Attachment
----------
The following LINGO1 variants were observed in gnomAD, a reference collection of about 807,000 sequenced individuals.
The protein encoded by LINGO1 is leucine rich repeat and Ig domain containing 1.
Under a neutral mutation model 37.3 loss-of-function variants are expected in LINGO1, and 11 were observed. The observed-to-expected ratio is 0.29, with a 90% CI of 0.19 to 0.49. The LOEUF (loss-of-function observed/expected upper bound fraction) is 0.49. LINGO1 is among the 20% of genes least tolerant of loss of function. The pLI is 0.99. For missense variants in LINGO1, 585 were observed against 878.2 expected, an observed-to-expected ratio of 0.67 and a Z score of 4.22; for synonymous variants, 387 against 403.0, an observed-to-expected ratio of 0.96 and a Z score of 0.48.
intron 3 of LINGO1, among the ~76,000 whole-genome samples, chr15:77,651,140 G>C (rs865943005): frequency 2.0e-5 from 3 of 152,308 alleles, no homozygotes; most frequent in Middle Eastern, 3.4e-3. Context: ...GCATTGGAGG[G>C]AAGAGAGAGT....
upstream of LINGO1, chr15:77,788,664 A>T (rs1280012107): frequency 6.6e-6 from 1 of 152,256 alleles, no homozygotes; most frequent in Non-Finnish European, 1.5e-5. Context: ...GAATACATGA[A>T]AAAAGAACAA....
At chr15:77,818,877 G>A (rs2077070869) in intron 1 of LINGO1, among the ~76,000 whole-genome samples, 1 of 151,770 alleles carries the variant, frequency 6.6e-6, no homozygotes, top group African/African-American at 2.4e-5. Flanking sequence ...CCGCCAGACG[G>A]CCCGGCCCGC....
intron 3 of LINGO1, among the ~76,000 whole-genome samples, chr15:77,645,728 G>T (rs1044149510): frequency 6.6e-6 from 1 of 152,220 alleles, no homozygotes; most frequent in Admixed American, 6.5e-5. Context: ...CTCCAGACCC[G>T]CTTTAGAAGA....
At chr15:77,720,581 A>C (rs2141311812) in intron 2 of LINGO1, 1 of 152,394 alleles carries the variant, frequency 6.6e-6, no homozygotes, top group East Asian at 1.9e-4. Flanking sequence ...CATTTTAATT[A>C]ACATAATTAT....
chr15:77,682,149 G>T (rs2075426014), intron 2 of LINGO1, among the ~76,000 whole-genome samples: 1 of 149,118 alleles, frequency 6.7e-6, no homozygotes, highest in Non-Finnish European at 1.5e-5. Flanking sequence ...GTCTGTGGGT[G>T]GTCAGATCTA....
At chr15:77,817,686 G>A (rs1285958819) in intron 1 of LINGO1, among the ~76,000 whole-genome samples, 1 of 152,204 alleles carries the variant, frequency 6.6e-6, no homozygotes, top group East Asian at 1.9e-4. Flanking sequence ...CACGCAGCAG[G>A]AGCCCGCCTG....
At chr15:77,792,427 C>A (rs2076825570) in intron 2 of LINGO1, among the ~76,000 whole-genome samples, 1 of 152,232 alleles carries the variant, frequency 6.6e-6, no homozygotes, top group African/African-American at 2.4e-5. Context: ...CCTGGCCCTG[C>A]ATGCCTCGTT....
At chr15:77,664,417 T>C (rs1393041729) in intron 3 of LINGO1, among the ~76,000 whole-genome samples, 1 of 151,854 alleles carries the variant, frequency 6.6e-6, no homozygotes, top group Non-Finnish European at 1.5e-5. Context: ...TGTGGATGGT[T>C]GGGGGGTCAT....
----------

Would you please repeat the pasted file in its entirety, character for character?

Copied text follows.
The following LINGO1 variants were observed in gnomAD, a reference collection of about 807,000 sequenced individuals.
The protein encoded by LINGO1 is leucine rich repeat and Ig domain containing 1.
Under a neutral mutation model 37.3 loss-of-function variants are expected in LINGO1, and 11 were observed. The observed-to-expected ratio is 0.29, with a 90% CI of 0.19 to 0.49. The LOEUF (loss-of-function observed/expected upper bound fraction) is 0.49. LINGO1 is among the 20% of genes least tolerant of loss of function. The pLI is 0.99. For missense variants in LINGO1, 585 were observed against 878.2 expected, an observed-to-expected ratio of 0.67 and a Z score of 4.22; for synonymous variants, 387 against 403.0, an observed-to-expected ratio of 0.96 and a Z score of 0.48.
intron 3 of LINGO1, among the ~76,000 whole-genome samples, chr15:77,651,140 G>C (rs865943005): frequency 2.0e-5 from 3 of 152,308 alleles, no homozygotes; most frequent in Middle Eastern, 3.4e-3. Context: ...GCATTGGAGG[G>C]AAGAGAGAGT....
upstream of LINGO1, chr15:77,788,664 A>T (rs1280012107): frequency 6.6e-6 from 1 of 152,256 alleles, no homozygotes; most frequent in Non-Finnish European, 1.5e-5. Context: ...GAATACATGA[A>T]AAAAGAACAA....
At chr15:77,818,877 G>A (rs2077070869) in intron 1 of LINGO1, among the ~76,000 whole-genome samples, 1 of 151,770 alleles carries the variant, frequency 6.6e-6, no homozygotes, top group African/African-American at 2.4e-5. Flanking sequence ...CCGCCAGACG[G>A]CCCGGCCCGC....
intron 3 of LINGO1, among the ~76,000 whole-genome samples, chr15:77,645,728 G>T (rs1044149510): frequency 6.6e-6 from 1 of 152,220 alleles, no homozygotes; most frequent in Admixed American, 6.5e-5. Context: ...CTCCAGACCC[G>T]CTTTAGAAGA....
At chr15:77,720,581 A>C (rs2141311812) in intron 2 of LINGO1, 1 of 152,394 alleles carries the variant, frequency 6.6e-6, no homozygotes, top group East Asian at 1.9e-4. Flanking sequence ...CATTTTAATT[A>C]ACATAATTAT....
chr15:77,682,149 G>T (rs2075426014), intron 2 of LINGO1, among the ~76,000 whole-genome samples: 1 of 149,118 alleles, frequency 6.7e-6, no homozygotes, highest in Non-Finnish European at 1.5e-5. Flanking sequence ...GTCTGTGGGT[G>T]GTCAGATCTA....
At chr15:77,817,686 G>A (rs1285958819) in intron 1 of LINGO1, among the ~76,000 whole-genome samples, 1 of 152,204 alleles carries the variant, frequency 6.6e-6, no homozygotes, top group East Asian at 1.9e-4. Flanking sequence ...CACGCAGCAG[G>A]AGCCCGCCTG....
At chr15:77,792,427 C>A (rs2076825570) in intron 2 of LINGO1, among the ~76,000 whole-genome samples, 1 of 152,232 alleles carries the variant, frequency 6.6e-6, no homozygotes, top group African/African-American at 2.4e-5. Context: ...CCTGGCCCTG[C>A]ATGCCTCGTT....
At chr15:77,664,417 T>C (rs1393041729) in intron 3 of LINGO1, among the ~76,000 whole-genome samples, 1 of 151,854 alleles carries the variant, frequency 6.6e-6, no homozygotes, top group Non-Finnish European at 1.5e-5. Context: ...TGTGGATGGT[T>C]GGGGGGTCAT....